Warning: this review contains full spoilers for Black Lightning Season 3, episode 10. We’re checking in with all the Arrowverse shows this week to see how they’re moving forward from the events of the Crisis on Infinite Earths crossover, so check out our reviews of Supergirl and Batwoman, and keep an eye out for our reviews of Legends of Tomorrow and Arrow on Tuesday.
When Black Lightning was first announced, the creators touted the show as being an exception amongst the CW’s superhero pantheon — planned as the show to take place in isolation from the larger Arrowverse. After two-and-a-half seasons as the last bastion of standalone superhero storytelling on The CW, the show finally cracked for Crisis on Infinite Earths, where it was acknowledged as another facet of the multiverse and promptly integrated into Earth-Prime to facilitate future team-ups. But in the first post-Crisis episode, the crossover’s conclusion seems to have impacted Black Lightning very little other than making Jefferson appear a smidge crazy.
The episode opens with a post-crisis Jefferson excitedly explaining the multiverse and exclaiming that Superman exists to an incredulous Gambi. Jennifer is revealed to have been affected by Crisis as well; she apparently spent the event holed up in a white room, separated from the main dimension.
Throughout the episode, Jefferson attempts to explain the events of the crossover to other characters, but he’s often brushed off. Watching him slowly lose his initial eagerness to tell the story throughout the episode is quite fun, but only serves to further deflate the value of Crisis to Black Lightning as a whole.
According to Gambi, he didn’t even notice Jefferson and Jennifer’s absence. Although one point of validation occurs early in the episode when Gambi detects antimatter waves on both Jefferson and Jennifer, giving some confirmation they’ve been involved with Crisis.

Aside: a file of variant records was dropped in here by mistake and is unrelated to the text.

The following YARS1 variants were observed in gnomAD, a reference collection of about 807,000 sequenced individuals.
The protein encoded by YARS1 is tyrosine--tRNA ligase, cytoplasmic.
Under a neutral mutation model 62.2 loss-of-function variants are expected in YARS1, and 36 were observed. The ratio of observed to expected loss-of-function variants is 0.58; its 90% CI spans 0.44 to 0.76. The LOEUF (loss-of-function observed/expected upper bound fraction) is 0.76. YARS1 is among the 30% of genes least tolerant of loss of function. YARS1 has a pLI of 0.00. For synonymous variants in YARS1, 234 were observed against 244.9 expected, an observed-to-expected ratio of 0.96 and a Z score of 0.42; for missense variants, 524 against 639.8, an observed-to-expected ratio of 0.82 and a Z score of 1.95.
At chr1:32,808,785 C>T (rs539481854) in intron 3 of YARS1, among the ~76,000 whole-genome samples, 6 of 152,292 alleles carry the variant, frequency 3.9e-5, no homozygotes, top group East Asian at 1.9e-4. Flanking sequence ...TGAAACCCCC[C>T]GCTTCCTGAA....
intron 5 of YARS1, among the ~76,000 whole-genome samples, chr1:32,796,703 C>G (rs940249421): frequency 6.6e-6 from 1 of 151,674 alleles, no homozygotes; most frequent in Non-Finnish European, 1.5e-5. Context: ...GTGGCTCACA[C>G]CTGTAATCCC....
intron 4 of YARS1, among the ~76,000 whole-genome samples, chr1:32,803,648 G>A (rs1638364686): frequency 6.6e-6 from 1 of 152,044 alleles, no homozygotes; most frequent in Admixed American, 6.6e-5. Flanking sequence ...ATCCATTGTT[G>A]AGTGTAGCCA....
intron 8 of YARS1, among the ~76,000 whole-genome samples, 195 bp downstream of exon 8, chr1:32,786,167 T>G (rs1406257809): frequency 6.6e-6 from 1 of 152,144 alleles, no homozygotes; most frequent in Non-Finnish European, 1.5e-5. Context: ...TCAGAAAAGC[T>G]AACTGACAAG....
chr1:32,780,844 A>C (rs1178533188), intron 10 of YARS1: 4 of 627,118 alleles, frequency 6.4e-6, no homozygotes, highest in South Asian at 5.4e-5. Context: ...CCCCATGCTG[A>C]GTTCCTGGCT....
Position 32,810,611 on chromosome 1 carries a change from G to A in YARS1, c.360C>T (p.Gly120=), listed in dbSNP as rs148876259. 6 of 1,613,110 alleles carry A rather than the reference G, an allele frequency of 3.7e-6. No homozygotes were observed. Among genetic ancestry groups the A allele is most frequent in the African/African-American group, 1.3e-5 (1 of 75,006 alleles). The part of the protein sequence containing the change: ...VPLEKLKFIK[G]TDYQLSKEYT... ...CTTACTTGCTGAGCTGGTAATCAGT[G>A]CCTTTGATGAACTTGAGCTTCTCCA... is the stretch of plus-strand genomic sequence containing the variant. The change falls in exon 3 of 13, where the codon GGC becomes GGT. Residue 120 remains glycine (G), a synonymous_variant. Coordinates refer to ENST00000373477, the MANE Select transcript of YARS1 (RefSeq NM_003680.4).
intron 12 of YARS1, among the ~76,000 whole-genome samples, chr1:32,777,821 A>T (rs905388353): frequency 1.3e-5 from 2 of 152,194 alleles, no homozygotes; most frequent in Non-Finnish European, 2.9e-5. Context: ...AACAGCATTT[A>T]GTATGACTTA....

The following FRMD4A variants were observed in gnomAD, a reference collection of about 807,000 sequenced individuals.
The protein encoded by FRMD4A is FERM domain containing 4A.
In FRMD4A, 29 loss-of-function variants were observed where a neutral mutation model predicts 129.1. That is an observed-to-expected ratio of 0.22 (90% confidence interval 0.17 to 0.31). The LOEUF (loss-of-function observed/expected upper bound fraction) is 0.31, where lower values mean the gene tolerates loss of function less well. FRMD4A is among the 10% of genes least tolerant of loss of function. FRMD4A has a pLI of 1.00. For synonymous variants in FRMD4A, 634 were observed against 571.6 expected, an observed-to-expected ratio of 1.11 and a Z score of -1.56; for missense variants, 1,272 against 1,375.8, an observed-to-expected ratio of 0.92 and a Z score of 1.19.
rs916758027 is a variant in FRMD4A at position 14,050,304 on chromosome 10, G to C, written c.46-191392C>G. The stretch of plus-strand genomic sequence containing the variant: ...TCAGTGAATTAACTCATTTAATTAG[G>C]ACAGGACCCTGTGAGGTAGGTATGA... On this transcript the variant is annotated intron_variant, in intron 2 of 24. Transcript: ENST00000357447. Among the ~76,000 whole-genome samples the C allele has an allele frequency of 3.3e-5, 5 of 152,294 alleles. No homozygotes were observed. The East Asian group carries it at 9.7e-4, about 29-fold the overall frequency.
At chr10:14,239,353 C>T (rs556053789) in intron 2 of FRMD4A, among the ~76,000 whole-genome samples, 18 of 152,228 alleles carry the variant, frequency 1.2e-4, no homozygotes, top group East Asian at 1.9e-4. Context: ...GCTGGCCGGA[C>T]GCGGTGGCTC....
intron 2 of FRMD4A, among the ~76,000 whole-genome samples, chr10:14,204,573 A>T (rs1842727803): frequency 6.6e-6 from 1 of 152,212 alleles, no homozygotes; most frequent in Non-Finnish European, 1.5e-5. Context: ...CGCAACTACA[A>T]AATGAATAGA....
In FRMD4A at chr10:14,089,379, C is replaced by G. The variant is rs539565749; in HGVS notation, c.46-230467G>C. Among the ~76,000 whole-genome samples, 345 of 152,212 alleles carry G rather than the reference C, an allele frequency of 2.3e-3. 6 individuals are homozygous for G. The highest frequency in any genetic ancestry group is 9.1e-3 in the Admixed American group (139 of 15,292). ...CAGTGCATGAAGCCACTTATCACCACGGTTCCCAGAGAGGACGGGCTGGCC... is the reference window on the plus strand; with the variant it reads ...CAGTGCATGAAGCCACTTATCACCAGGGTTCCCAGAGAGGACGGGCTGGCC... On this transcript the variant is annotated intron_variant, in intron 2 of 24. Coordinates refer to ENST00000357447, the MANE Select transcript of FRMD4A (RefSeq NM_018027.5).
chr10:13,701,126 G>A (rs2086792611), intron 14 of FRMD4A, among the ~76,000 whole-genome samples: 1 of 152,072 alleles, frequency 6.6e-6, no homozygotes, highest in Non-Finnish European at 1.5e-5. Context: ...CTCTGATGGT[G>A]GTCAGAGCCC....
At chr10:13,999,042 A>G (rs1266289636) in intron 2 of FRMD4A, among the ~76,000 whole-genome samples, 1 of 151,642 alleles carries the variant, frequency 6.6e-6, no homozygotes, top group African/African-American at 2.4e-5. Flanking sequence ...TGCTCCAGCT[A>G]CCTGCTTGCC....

Rather than having world-shattering effects on the Black Lightning-verse, Crisis seems to have been used to accelerate already present character arcs. Lynn’s addiction to her metahuman drug wholly ramps up this episode. At one point in the episode, Jefferson flushes the drug down the toilet, only for Lynn to respond by attempting to retrieve it. Jefferson shames her for this, to which she retorts that her addiction to the drug is analogous to how Jefferson feels about his heroic work. Frustratingly, this line falls on deaf ears and isn’t brought up in any other part of the episode. It’ll be a waste if this comparison isn’t revisited later.
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The line does assist one interesting theme in the episode: Jefferson’s difficulty in separating his family persona from his superheroic one. While Anissa’s prominence as a leader for those standing against the A.S.A grows, Jefferson expresses his concern for her. She rebuffs his concern, citing it as coming from her father and not his superhero persona. Distinguishing Black Lightning from Jefferson is a very intriguing route that I hope the writers continue working on with stronger story beats in the back half of the season.
Other than that singular line, Anissa’s role in this episode feels quite bland. She performs some amazing stunts, liberates a handful of people captured by the A.S.A, and that’s it, leaving her more of a visual spectacle than an active character this week. Her sister isn’t much better. Jennifer’s “story” is doubling down on her hatred for Odell and promising that she’ll kill him in the near future. At least the A.S.A seems to be ramping up their scary corporation factor by introducing mind-controlling chips, which seem to even scare other A.S.A officers. Perhaps there will be a rebellion that stems from inside the A.S.A?
The most compelling storyline this week comes from Gambi and his new technomancy-capable ward, T.C.. Yet again, Gambi takes in a wayward soul, helping them re-establish themselves, and it’s very sweet to watch. Seeing the two of them bond is delightful, since they have incredible chemistry. (I couldn’t get enough of T.C. ’s confusion as to what an “Italian Hogie” meant in food lingo contrasted by Gambi’s forever avuncular presence.)
Ultimately, Gambi’s plot also seems to be the storyline that utilizes Crisis the most – or at least gives us the first glimpse of how Black Lightning will utilize the Crisis reset. Using his technomancy, T.C. helps Gambi uncover who put a hit on him. It’s none other than the formerly deceased Season 1 villain, Lady Eve. If the reset means a slew of dead characters will be returning, the six episodes left in the season will be an interesting affair. All bets are off. After the Crisis, we haven’t the slightest grasp on what’s been reset and what’s stayed the same.